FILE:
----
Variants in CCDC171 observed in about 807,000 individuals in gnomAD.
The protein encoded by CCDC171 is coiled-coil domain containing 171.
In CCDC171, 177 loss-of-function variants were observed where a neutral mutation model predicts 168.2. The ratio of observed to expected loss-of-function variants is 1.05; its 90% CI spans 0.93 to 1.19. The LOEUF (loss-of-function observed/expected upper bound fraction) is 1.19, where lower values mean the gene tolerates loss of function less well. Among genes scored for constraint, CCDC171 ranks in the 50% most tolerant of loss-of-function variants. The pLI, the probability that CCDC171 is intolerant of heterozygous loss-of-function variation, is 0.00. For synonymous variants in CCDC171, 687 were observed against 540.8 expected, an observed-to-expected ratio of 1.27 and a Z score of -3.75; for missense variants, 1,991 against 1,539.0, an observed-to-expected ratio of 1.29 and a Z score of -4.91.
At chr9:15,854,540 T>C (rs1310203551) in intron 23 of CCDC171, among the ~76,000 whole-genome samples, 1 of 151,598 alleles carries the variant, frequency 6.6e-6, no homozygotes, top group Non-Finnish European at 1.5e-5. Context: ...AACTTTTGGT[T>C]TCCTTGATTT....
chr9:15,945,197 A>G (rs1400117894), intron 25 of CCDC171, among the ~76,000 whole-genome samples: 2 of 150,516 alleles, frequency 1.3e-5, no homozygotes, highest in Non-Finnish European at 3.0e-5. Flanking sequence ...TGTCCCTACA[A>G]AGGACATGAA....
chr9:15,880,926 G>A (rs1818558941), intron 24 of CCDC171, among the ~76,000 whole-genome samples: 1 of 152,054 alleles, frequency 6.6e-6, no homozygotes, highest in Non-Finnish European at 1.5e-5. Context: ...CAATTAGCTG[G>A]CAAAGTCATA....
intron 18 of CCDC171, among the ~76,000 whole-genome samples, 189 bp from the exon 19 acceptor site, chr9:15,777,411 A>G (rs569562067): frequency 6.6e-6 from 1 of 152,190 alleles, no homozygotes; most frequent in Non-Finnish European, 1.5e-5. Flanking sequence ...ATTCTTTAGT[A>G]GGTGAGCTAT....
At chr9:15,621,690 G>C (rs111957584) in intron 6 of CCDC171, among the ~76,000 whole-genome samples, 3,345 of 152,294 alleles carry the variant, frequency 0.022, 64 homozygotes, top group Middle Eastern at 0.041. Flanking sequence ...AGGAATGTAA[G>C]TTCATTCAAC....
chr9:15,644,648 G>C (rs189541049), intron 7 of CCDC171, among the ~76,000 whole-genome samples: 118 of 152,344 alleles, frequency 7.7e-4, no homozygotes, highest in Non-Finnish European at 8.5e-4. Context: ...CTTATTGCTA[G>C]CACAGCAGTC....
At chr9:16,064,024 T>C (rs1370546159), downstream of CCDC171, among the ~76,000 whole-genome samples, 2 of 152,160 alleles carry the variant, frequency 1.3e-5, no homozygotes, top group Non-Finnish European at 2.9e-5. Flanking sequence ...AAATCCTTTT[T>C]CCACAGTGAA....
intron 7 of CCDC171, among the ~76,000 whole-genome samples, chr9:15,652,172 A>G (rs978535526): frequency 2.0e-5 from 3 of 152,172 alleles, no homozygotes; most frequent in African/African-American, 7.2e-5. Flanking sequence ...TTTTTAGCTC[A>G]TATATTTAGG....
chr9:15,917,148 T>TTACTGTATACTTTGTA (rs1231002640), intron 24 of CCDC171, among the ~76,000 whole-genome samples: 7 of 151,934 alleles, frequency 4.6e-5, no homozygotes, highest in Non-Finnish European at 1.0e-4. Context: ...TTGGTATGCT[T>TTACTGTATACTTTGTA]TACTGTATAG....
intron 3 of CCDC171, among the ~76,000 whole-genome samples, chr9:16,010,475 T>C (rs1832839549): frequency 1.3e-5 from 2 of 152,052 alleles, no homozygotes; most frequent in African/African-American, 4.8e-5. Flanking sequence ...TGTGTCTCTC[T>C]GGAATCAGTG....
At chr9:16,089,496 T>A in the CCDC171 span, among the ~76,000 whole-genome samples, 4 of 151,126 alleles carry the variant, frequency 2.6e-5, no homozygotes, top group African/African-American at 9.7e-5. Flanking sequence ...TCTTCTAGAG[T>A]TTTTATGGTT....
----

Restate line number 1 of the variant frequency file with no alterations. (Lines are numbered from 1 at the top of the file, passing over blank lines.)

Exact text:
Variants in CCDC171 observed in about 807,000 individuals in gnomAD.